Back in the Saddle

Today was a pretty productive day. I did a little housework (not too much!), wrote two psychological reports, and….rode my bike!

Riding my bike was my major goal for mobility and orientation training. When my O&M guy was here we went down to the main road I needed to cross and studied it. We decided I would cross to the island and then wait to cross the second lane. I would decide when to cross by watching for the cars to see if they were even with or past some landmarks we chose. If the car was passing the landmark or closer I was not to try to cross. My O&M guy said the important part was that I SAW the cars, not that I could make out a lot of details.

It was not important for me to know the make and model of the car that hit me. It was important I kept from getting hit!

I chose today, a Sunday, because traffic was a lot lighter. I got across the road and went down to a parking lot to ride in circles for awhile. This parking lot is actually home turf for the infamous “Training Wheels Gang” but they did not give me any trouble. ? I just needed to get back on my bike and practice my skills. No use going crazy first time out. The kiddie lot was good enough.

I discovered my peripheral vision kept me from running into things, hitting any big stones or hitting any potholes. If I looked ahead of me, my ‘fuzzy spot’ was on the horizon. The ground directly in front of me was seen clearly. Only going 8 or 9 miles an hour at best, I really did not have to see that far ahead. There was no traffic in the lot.

On the way home I took a slightly different route. This route allowed me to avoid a lot of the traffic. (Unfortunately not an option on the way out because the way I used coming home is an entrance ramp.) 7.5 miles later I was home unscathed. Cool. Another successful ‘adventure’.

Thinking there must be other, like-minded folks out there trying to ride their bikes, I went online to look for tips. Not much luck. Most of the articles were for tandem riding or the bike riding equivalent of using a sighted guide. Great if you have someone to ride with you.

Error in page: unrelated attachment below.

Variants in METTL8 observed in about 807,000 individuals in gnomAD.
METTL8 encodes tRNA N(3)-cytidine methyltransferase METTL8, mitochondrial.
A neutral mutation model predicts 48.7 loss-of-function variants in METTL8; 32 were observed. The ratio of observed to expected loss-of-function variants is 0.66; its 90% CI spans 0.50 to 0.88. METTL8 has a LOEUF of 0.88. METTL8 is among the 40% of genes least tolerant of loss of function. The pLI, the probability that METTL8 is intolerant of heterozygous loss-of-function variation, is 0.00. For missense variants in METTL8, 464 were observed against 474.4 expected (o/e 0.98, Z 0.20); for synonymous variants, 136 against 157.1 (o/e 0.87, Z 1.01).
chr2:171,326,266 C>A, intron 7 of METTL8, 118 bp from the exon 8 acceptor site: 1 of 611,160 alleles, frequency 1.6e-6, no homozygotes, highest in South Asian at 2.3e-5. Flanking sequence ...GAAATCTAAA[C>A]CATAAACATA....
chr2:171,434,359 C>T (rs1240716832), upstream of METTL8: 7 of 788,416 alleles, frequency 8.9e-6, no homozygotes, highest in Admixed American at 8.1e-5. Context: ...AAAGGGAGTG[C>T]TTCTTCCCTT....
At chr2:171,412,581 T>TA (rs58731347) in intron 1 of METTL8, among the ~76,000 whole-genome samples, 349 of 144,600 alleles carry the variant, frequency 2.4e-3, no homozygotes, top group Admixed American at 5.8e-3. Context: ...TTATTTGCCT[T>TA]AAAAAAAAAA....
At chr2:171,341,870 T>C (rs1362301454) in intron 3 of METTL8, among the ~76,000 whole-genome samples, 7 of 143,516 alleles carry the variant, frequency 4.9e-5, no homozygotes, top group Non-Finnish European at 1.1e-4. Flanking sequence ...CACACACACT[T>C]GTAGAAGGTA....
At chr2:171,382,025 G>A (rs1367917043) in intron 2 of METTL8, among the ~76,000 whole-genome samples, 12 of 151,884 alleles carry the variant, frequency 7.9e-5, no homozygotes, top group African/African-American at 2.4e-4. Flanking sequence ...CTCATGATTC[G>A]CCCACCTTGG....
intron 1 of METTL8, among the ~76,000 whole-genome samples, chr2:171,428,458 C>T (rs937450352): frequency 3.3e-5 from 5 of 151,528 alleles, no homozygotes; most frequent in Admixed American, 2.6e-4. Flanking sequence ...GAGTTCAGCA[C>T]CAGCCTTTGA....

The one thing I did discover looking at bicycling sites was this: the people asking about ways to continue riding all said they had macular degeneration! Does that mean we are intrepid, foolish or that AMD might leave enough vision to actually allow us to do something like bike? Maybe all three.  Some of the comments said the writers knew visually handicapped folks who bike all the time. No big deal.

If anyone knows anyone with visual impairment who does bike, ask them to drop me a line, please. I would like to pick up a few pointers. Who knows? With a few tricks, I might be able to go on to bigger and better things!

Written 8/8/2016

Next: The Season of Hope

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2 thoughts on “Back in the Saddle”

  1. Sue, I ride a 3-wheeler. Still going at age 71, AMD or not! But only on short trips in my immediate neighborhood and mainly on the Inter Urban Trail which is also used by walkers, strollers, skateboarders, etc. Bike is in the garage now, though, probably for the whole winter.
    🙁 Just too much snow, too often. Looking forward to and planning for Spring!

  2. I haven’t been game to drive with my vision loss, but I’ve kept on cycling. I was worried about my safety but, like you most helpfully pointed out, it’s more important to see the large objects rather than the details.
    Thanks for a great post. Cheers, Myra.

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